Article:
On 1/24/07, Tom Lane <[EMAIL PROTECTED]> wrote:

"Pavan Deolasee" <[EMAIL PROTECTED]> writes:
> On a typical desktop class 2 CPU Dell machine, we have seen pgbench
> clocking more than 1500 tps.

Only if you had fsync off, or equivalently a disk drive that lies about
write-complete.  You could possibly achieve such rates in a non-broken
configuration with a battery-backed write cache, but that's not "typical
desktop" kit.

May be I was too vague about the machine/test. Its probably not a
"typical desktop" machine since it has better storage. A two disk
RAID 0 configuration for data, and a dedicated disk for xlog. I remember
running with 50 clients and 50 scaling factor, 1 GB shared buffer,
autovacuum turned on with default parameters and rest with default
configuration. I don't think I had explicitly turned fsync off.

In any case, you ignored Heikki's point that the PG shared memory pages
holding CLOG are unlikely to be the sole level of caching, if the update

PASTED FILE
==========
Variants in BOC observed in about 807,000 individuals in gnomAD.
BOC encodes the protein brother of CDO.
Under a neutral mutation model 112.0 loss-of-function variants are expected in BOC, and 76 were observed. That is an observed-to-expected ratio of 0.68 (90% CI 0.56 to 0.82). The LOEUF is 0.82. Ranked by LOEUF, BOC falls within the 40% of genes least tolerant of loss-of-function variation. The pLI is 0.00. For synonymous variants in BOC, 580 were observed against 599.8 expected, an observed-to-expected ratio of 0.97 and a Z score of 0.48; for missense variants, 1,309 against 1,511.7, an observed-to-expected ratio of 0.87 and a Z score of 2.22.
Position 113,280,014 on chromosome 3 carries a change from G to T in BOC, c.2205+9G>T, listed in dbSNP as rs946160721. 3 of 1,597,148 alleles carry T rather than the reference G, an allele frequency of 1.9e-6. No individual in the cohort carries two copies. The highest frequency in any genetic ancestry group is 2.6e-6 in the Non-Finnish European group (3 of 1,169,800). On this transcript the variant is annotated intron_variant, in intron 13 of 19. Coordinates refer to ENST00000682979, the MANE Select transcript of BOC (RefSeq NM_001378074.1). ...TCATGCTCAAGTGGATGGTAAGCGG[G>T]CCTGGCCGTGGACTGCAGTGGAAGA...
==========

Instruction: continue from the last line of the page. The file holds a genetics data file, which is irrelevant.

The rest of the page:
rate is that high.  The kernel will have some pages too.  And even if we
thought not, wouldn't bumping the size of the clog cache be a far
simpler solution offering benefit for more things than just this?

Yes. May be what Heikki said is true, but we don't know for sure.
Wouldn't bumping the cache size just delay the problem a bit ?
Especially with even larger table and a very high end machine/storage
which can clock very high transactions per minute ?

Anyways, if we agree that there is a problem, the solution could be
as simple as increasing the cache size, as you suggested.



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